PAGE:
Other courts have agreed. In Aubrey v. Sch. Bd. of Lafayette Parish, 148 F.3d 559 (5th Cir. 1998), the Fifth Circuit upheld random urinalysis test of an elementary school custodian under the special needs exception. That Court found a substantial government interest in "prevent[ing] drug users from obtaining a safety sensitive positions." Id. at 563-64. In weighing this governmental interest against the individual's interest, the Court also noted that the custodian had notice he would be subject to random testing, and that "custodial employees 'reasonably should expect effective inquiry into their fitness.'" Id. at 564 (quoting Nat'l Treasury Employees Union v. Von Raab, 489 U.S. 656, 672 (1989)). That court finally noted that the intrusiveness of the search was minimal as the sample was produced in private and was narrowly tailored to detect only the presence of illegal substances, and not other health information. Id. From that, Aubrey concluded that the searches were reasonable as the governmental interest outweighed "the privacy interests of the employees in an elementary school who interact regularly with students." Id. at 565.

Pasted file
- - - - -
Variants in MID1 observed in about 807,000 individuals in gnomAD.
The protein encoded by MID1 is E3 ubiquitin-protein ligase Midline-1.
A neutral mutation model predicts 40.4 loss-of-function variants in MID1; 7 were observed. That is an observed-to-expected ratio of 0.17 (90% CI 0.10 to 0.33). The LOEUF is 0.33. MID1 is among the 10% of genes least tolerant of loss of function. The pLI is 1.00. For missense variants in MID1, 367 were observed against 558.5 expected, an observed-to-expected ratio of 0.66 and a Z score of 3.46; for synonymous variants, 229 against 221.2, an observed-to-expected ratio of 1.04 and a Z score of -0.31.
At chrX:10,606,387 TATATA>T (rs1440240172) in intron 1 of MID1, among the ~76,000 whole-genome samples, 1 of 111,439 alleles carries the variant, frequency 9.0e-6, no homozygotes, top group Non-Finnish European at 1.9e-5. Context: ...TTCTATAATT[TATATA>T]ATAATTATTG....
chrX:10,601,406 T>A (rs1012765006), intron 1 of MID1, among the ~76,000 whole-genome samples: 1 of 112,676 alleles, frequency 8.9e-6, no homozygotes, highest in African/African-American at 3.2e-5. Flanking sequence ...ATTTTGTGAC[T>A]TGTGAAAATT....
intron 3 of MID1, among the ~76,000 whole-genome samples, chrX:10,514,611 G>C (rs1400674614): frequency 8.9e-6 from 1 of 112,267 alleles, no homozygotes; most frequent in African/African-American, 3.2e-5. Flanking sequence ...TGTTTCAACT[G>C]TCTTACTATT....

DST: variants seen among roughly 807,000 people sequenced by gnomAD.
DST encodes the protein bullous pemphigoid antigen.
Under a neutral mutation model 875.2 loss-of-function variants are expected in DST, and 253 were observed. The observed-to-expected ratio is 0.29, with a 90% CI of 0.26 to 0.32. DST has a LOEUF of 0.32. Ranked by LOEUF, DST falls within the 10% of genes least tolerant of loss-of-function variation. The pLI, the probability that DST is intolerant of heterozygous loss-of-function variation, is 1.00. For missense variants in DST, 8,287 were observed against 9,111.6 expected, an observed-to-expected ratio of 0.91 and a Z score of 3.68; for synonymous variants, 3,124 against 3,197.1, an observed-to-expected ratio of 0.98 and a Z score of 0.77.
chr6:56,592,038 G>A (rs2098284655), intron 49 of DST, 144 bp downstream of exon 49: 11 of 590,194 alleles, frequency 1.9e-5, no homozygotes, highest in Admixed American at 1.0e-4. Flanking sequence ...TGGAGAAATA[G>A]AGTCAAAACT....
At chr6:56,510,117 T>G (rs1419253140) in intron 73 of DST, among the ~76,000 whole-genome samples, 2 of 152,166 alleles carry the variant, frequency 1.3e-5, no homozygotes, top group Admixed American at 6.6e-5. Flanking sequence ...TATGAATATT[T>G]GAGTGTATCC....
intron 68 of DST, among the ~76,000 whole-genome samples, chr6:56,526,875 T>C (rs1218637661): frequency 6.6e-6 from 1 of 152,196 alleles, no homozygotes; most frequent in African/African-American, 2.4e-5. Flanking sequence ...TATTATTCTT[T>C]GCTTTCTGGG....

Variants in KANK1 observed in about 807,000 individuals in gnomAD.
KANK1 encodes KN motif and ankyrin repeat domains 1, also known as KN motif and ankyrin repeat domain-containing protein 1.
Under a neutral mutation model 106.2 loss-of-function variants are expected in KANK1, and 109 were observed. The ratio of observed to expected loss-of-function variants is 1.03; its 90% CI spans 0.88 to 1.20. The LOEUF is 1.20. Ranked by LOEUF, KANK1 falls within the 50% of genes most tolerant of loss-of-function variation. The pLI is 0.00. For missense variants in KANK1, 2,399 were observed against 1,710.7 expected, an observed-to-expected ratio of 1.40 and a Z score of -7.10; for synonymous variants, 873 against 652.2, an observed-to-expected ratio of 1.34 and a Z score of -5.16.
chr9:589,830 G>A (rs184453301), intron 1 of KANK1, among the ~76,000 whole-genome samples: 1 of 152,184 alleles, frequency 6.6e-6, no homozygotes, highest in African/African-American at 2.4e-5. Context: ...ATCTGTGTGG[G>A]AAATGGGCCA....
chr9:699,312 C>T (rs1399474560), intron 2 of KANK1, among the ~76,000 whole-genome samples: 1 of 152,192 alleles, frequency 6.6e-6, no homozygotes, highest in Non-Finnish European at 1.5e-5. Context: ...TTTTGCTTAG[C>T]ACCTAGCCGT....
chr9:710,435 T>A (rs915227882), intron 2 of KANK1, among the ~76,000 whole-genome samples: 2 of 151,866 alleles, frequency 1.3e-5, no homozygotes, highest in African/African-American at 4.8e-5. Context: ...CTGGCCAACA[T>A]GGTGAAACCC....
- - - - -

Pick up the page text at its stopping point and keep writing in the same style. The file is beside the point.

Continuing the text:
In Knox County Educ. Ass'n v. Knox County Bd. of Educ., 158 F.3d 361, 367-69 (6th Cir. 1998), the Sixth Circuit considered a school district policy that, in pertinent part, would have a teacher transported to a collection site for alcohol testing if there was reasonable suspicion that the individual was under the influence on a particular occasion. Upon review of that particular aspect of the policy, the Sixth Circuit found the policy presumably acceptable excepting that the low threshold for a positive result--.02 percent or only one-fifth of what would constitute driving drunk--was reasonably related to the purpose of the testing.*fn3